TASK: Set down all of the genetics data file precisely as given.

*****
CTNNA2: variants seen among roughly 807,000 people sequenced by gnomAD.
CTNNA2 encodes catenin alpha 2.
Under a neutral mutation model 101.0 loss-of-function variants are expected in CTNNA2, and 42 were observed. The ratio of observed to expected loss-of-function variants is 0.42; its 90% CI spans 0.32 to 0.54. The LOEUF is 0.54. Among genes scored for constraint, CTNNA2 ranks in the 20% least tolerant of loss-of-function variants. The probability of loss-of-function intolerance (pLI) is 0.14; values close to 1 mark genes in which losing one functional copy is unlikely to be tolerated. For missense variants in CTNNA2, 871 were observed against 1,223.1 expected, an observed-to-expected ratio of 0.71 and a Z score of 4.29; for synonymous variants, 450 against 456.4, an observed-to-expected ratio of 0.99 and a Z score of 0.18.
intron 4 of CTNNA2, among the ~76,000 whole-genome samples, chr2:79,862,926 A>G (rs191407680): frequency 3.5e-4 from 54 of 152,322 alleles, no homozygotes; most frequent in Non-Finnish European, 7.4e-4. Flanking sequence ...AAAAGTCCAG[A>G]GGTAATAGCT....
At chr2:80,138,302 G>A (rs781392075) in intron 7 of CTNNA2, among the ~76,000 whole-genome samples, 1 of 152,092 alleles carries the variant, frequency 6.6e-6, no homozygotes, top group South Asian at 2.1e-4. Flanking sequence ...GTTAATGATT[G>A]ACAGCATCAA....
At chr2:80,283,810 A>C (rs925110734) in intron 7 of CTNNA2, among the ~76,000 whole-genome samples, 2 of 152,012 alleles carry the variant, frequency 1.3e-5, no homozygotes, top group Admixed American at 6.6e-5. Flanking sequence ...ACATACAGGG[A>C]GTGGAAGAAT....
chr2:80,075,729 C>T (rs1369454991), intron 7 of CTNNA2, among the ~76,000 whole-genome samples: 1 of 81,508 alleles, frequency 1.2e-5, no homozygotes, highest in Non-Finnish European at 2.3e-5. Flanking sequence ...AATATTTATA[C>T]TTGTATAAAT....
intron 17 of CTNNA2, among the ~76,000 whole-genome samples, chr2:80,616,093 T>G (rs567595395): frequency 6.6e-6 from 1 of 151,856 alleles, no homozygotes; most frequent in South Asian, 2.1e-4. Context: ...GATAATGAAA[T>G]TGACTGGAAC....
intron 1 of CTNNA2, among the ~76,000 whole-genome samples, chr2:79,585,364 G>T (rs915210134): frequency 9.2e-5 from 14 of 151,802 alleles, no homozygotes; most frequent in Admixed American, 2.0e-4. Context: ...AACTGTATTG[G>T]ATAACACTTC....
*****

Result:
CTNNA2: variants seen among roughly 807,000 people sequenced by gnomAD.
CTNNA2 encodes catenin alpha 2.
Under a neutral mutation model 101.0 loss-of-function variants are expected in CTNNA2, and 42 were observed. The ratio of observed to expected loss-of-function variants is 0.42; its 90% CI spans 0.32 to 0.54. The LOEUF is 0.54. Among genes scored for constraint, CTNNA2 ranks in the 20% least tolerant of loss-of-function variants. The probability of loss-of-function intolerance (pLI) is 0.14; values close to 1 mark genes in which losing one functional copy is unlikely to be tolerated. For missense variants in CTNNA2, 871 were observed against 1,223.1 expected, an observed-to-expected ratio of 0.71 and a Z score of 4.29; for synonymous variants, 450 against 456.4, an observed-to-expected ratio of 0.99 and a Z score of 0.18.
intron 4 of CTNNA2, among the ~76,000 whole-genome samples, chr2:79,862,926 A>G (rs191407680): frequency 3.5e-4 from 54 of 152,322 alleles, no homozygotes; most frequent in Non-Finnish European, 7.4e-4. Flanking sequence ...AAAAGTCCAG[A>G]GGTAATAGCT....
At chr2:80,138,302 G>A (rs781392075) in intron 7 of CTNNA2, among the ~76,000 whole-genome samples, 1 of 152,092 alleles carries the variant, frequency 6.6e-6, no homozygotes, top group South Asian at 2.1e-4. Flanking sequence ...GTTAATGATT[G>A]ACAGCATCAA....
At chr2:80,283,810 A>C (rs925110734) in intron 7 of CTNNA2, among the ~76,000 whole-genome samples, 2 of 152,012 alleles carry the variant, frequency 1.3e-5, no homozygotes, top group Admixed American at 6.6e-5. Flanking sequence ...ACATACAGGG[A>C]GTGGAAGAAT....
chr2:80,075,729 C>T (rs1369454991), intron 7 of CTNNA2, among the ~76,000 whole-genome samples: 1 of 81,508 alleles, frequency 1.2e-5, no homozygotes, highest in Non-Finnish European at 2.3e-5. Flanking sequence ...AATATTTATA[C>T]TTGTATAAAT....
intron 17 of CTNNA2, among the ~76,000 whole-genome samples, chr2:80,616,093 T>G (rs567595395): frequency 6.6e-6 from 1 of 151,856 alleles, no homozygotes; most frequent in South Asian, 2.1e-4. Context: ...GATAATGAAA[T>G]TGACTGGAAC....
intron 1 of CTNNA2, among the ~76,000 whole-genome samples, chr2:79,585,364 G>T (rs915210134): frequency 9.2e-5 from 14 of 151,802 alleles, no homozygotes; most frequent in Admixed American, 2.0e-4. Context: ...AACTGTATTG[G>T]ATAACACTTC....